Government to act over failing money firms

The Government will give its regulators new powers to wind down failing investment firms and clearing houses to avoid wreaking havoc in the wider market, saying the timing of similar European Union rules was too uncertain for it to wait.

The Government already has powers to force a deposit-taking bank to be wound down in an orderly way and without needing taxpayer help. The Financial Services Minister Mark Hoban said yesterday the Government wants similar powers over parts of the non-banking financial system.

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Sectors being looked at include insurers, investment firms, clearing houses and payments systems such as those provided by banks for credit and debit transfers. The Government published a consultation paper ahead of legislative proposals. “This consultation underlines the Government’s commitment to maintaining the UK’s position as a pre-eminent global financial centre, while also ensuring that the financial services sector is able to provide essential services to the wider economy without posing a risk to financial stability,” Mr Hoban said.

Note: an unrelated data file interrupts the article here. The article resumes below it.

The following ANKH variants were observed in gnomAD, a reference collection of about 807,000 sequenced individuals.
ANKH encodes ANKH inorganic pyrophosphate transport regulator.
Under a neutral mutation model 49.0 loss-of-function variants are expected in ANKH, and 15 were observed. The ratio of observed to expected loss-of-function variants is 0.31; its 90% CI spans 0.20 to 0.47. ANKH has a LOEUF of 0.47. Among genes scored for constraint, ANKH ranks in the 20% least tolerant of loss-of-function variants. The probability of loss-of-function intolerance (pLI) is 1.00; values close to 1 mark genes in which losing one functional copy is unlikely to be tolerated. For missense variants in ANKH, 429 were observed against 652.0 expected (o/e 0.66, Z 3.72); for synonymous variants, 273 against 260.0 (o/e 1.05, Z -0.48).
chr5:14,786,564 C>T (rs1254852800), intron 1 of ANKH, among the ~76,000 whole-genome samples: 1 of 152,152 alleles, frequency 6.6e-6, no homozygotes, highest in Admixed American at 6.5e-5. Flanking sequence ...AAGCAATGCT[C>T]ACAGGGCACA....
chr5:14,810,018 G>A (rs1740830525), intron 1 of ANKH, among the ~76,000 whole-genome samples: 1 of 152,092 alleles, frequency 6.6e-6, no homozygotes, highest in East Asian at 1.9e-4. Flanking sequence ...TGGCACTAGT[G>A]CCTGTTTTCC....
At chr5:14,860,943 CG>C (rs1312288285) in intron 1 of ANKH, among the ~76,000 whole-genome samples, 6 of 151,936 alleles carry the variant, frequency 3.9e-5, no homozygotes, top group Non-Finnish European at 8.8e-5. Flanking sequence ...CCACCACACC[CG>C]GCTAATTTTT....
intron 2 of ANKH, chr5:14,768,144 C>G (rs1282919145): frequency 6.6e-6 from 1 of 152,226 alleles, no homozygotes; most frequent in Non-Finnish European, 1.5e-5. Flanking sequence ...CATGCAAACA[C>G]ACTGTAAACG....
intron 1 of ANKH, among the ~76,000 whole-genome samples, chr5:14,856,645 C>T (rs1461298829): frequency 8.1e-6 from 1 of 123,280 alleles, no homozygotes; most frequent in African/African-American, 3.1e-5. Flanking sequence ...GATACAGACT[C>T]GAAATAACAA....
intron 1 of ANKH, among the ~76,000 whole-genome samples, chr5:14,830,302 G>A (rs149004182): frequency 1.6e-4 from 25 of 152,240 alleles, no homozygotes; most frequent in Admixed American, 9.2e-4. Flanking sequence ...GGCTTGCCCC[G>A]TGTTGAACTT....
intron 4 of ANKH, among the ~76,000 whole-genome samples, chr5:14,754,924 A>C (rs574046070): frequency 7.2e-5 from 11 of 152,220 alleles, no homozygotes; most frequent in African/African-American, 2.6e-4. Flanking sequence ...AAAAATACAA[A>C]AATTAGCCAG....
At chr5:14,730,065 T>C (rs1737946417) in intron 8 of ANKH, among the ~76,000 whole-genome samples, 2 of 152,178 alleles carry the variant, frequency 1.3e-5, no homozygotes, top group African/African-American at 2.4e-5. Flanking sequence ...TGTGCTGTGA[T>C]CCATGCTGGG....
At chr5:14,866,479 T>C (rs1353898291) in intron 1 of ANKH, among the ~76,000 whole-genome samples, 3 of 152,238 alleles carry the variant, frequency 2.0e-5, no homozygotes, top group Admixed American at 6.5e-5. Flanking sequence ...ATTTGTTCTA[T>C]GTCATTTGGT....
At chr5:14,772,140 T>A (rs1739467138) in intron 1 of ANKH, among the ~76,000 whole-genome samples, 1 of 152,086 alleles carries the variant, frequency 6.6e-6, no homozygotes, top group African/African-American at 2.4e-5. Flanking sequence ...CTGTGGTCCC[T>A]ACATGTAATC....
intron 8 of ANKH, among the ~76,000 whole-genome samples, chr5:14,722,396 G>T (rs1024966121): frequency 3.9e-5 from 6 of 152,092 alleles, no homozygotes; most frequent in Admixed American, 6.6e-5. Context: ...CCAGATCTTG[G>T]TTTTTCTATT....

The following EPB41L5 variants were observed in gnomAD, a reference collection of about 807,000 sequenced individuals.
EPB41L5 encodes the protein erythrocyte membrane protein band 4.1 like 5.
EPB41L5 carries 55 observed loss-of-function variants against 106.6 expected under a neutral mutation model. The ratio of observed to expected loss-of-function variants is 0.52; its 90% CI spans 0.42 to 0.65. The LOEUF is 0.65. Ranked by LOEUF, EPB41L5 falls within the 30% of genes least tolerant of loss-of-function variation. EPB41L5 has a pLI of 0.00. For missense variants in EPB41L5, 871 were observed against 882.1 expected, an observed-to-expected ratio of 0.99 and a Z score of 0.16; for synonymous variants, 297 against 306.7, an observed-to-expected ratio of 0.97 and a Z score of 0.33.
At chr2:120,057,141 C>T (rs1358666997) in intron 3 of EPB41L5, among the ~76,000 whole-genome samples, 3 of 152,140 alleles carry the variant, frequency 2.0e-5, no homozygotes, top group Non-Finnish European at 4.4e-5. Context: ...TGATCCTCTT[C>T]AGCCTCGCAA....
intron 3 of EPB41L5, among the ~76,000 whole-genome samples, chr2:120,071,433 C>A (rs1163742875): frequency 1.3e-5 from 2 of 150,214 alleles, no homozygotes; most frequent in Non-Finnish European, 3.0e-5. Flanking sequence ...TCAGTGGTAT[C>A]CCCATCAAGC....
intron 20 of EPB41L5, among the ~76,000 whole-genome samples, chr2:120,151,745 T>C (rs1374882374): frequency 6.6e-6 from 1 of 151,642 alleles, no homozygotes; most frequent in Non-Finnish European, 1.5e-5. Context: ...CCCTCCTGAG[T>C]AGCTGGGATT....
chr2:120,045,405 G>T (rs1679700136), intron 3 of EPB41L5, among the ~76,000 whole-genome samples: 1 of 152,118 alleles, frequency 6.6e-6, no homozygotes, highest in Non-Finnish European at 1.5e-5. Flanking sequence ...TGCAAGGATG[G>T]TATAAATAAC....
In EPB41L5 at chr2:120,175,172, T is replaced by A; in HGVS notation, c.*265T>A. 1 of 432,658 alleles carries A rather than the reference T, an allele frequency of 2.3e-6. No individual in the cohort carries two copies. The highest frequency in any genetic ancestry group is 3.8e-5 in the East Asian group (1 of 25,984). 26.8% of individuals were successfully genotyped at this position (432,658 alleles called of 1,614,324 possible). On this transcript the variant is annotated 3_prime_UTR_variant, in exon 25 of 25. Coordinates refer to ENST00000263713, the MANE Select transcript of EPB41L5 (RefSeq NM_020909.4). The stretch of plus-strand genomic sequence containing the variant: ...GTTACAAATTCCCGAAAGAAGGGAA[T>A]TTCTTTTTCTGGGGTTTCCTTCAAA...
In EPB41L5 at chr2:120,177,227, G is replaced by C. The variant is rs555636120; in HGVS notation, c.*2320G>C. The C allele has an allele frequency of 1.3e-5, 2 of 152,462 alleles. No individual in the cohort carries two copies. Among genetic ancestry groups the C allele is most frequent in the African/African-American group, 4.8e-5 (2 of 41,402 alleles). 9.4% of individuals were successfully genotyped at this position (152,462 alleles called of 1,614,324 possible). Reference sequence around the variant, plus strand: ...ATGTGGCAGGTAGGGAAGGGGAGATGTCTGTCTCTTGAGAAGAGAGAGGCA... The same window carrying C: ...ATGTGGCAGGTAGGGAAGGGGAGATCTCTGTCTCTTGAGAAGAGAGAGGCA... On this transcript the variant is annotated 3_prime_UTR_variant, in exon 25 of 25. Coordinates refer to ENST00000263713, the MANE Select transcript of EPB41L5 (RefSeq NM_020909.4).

The EU is scrutinising a law for a resolution regime covering investment firms and banks but the UK government “intends to prepare to legislate domestically on a more accelerated timetable”.

There will also be a full resolution regime for UK incorporated parent firms of systemic investment firms and deposit-taking institutions. Britain only has a special administration regime for investment firms and the UK arm of United States broker MF Global was the first firm to be subject to this regime.